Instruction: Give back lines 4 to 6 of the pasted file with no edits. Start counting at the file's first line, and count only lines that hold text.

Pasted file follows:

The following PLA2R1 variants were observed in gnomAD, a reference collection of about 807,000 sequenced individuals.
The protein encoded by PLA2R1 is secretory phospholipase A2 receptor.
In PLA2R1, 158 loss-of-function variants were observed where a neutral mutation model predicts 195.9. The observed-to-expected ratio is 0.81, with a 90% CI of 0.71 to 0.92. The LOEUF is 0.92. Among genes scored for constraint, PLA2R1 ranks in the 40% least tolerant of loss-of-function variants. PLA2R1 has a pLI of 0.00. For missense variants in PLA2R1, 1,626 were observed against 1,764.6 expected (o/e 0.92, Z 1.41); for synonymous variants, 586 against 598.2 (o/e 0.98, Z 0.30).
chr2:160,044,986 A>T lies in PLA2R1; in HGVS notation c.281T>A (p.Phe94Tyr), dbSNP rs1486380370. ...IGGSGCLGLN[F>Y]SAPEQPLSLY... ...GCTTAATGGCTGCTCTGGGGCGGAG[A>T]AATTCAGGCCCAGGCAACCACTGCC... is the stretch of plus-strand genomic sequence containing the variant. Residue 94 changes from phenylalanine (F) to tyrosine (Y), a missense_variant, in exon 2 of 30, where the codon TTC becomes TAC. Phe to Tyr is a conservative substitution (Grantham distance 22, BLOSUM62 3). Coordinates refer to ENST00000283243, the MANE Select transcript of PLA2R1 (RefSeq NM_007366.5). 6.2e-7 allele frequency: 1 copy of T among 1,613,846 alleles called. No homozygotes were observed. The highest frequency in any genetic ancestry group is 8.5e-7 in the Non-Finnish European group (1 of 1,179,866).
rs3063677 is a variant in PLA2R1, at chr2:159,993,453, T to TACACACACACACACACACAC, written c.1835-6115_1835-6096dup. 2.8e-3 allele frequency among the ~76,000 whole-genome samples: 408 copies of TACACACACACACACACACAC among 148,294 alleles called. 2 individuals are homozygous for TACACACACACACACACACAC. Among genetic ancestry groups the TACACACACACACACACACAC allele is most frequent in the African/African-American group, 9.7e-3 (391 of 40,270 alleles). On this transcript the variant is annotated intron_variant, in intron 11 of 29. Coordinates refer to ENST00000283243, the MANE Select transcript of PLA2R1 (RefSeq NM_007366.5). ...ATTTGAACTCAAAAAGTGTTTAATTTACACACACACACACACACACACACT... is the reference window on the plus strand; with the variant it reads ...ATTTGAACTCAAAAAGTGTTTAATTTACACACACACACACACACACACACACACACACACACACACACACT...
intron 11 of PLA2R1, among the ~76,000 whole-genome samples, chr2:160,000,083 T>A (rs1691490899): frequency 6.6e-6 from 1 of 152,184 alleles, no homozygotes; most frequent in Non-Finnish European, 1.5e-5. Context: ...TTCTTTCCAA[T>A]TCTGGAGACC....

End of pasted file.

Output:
chr2:160,044,986 A>T lies in PLA2R1; in HGVS notation c.281T>A (p.Phe94Tyr), dbSNP rs1486380370. ...IGGSGCLGLN[F>Y]SAPEQPLSLY... ...GCTTAATGGCTGCTCTGGGGCGGAG[A>T]AATTCAGGCCCAGGCAACCACTGCC... is the stretch of plus-strand genomic sequence containing the variant. Residue 94 changes from phenylalanine (F) to tyrosine (Y), a missense_variant, in exon 2 of 30, where the codon TTC becomes TAC. Phe to Tyr is a conservative substitution (Grantham distance 22, BLOSUM62 3). Coordinates refer to ENST00000283243, the MANE Select transcript of PLA2R1 (RefSeq NM_007366.5). 6.2e-7 allele frequency: 1 copy of T among 1,613,846 alleles called. No homozygotes were observed. The highest frequency in any genetic ancestry group is 8.5e-7 in the Non-Finnish European group (1 of 1,179,866).
rs3063677 is a variant in PLA2R1, at chr2:159,993,453, T to TACACACACACACACACACAC, written c.1835-6115_1835-6096dup. 2.8e-3 allele frequency among the ~76,000 whole-genome samples: 408 copies of TACACACACACACACACACAC among 148,294 alleles called. 2 individuals are homozygous for TACACACACACACACACACAC. Among genetic ancestry groups the TACACACACACACACACACAC allele is most frequent in the African/African-American group, 9.7e-3 (391 of 40,270 alleles). On this transcript the variant is annotated intron_variant, in intron 11 of 29. Coordinates refer to ENST00000283243, the MANE Select transcript of PLA2R1 (RefSeq NM_007366.5). ...ATTTGAACTCAAAAAGTGTTTAATTTACACACACACACACACACACACACT... is the reference window on the plus strand; with the variant it reads ...ATTTGAACTCAAAAAGTGTTTAATTTACACACACACACACACACACACACACACACACACACACACACACT...
intron 11 of PLA2R1, among the ~76,000 whole-genome samples, chr2:160,000,083 T>A (rs1691490899): frequency 6.6e-6 from 1 of 152,184 alleles, no homozygotes; most frequent in Non-Finnish European, 1.5e-5. Context: ...TTCTTTCCAA[T>A]TCTGGAGACC....